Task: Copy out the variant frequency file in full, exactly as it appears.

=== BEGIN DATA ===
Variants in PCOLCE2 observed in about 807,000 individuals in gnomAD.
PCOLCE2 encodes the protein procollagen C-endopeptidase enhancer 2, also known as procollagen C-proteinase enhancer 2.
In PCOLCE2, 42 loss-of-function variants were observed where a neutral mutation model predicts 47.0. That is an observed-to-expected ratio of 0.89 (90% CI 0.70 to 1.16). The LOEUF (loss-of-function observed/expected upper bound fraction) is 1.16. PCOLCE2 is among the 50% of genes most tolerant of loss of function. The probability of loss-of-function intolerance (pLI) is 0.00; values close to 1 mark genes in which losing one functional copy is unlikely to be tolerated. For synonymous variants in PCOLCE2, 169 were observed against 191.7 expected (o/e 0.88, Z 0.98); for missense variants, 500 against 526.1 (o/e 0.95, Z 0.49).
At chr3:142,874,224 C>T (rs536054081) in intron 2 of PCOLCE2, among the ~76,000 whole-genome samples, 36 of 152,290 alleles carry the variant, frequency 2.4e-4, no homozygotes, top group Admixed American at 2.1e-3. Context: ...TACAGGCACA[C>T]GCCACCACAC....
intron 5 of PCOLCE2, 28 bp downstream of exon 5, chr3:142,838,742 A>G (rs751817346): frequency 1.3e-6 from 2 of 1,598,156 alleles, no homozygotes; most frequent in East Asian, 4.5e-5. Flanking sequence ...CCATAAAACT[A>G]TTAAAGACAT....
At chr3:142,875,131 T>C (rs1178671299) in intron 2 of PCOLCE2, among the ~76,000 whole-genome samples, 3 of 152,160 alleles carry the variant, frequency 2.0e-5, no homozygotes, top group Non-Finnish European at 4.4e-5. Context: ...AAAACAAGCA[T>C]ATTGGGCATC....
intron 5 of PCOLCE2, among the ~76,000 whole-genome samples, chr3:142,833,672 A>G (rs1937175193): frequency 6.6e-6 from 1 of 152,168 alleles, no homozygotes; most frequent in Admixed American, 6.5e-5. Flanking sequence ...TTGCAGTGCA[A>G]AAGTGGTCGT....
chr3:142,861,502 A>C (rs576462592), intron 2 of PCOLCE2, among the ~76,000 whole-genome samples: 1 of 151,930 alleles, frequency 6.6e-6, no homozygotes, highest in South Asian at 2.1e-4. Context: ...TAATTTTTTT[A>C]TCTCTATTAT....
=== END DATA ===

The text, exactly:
Variants in PCOLCE2 observed in about 807,000 individuals in gnomAD.
PCOLCE2 encodes the protein procollagen C-endopeptidase enhancer 2, also known as procollagen C-proteinase enhancer 2.
In PCOLCE2, 42 loss-of-function variants were observed where a neutral mutation model predicts 47.0. That is an observed-to-expected ratio of 0.89 (90% CI 0.70 to 1.16). The LOEUF (loss-of-function observed/expected upper bound fraction) is 1.16. PCOLCE2 is among the 50% of genes most tolerant of loss of function. The probability of loss-of-function intolerance (pLI) is 0.00; values close to 1 mark genes in which losing one functional copy is unlikely to be tolerated. For synonymous variants in PCOLCE2, 169 were observed against 191.7 expected (o/e 0.88, Z 0.98); for missense variants, 500 against 526.1 (o/e 0.95, Z 0.49).
At chr3:142,874,224 C>T (rs536054081) in intron 2 of PCOLCE2, among the ~76,000 whole-genome samples, 36 of 152,290 alleles carry the variant, frequency 2.4e-4, no homozygotes, top group Admixed American at 2.1e-3. Context: ...TACAGGCACA[C>T]GCCACCACAC....
intron 5 of PCOLCE2, 28 bp downstream of exon 5, chr3:142,838,742 A>G (rs751817346): frequency 1.3e-6 from 2 of 1,598,156 alleles, no homozygotes; most frequent in East Asian, 4.5e-5. Flanking sequence ...CCATAAAACT[A>G]TTAAAGACAT....
At chr3:142,875,131 T>C (rs1178671299) in intron 2 of PCOLCE2, among the ~76,000 whole-genome samples, 3 of 152,160 alleles carry the variant, frequency 2.0e-5, no homozygotes, top group Non-Finnish European at 4.4e-5. Context: ...AAAACAAGCA[T>C]ATTGGGCATC....
intron 5 of PCOLCE2, among the ~76,000 whole-genome samples, chr3:142,833,672 A>G (rs1937175193): frequency 6.6e-6 from 1 of 152,168 alleles, no homozygotes; most frequent in Admixed American, 6.5e-5. Flanking sequence ...TTGCAGTGCA[A>G]AAGTGGTCGT....
chr3:142,861,502 A>C (rs576462592), intron 2 of PCOLCE2, among the ~76,000 whole-genome samples: 1 of 151,930 alleles, frequency 6.6e-6, no homozygotes, highest in South Asian at 2.1e-4. Context: ...TAATTTTTTT[A>C]TCTCTATTAT....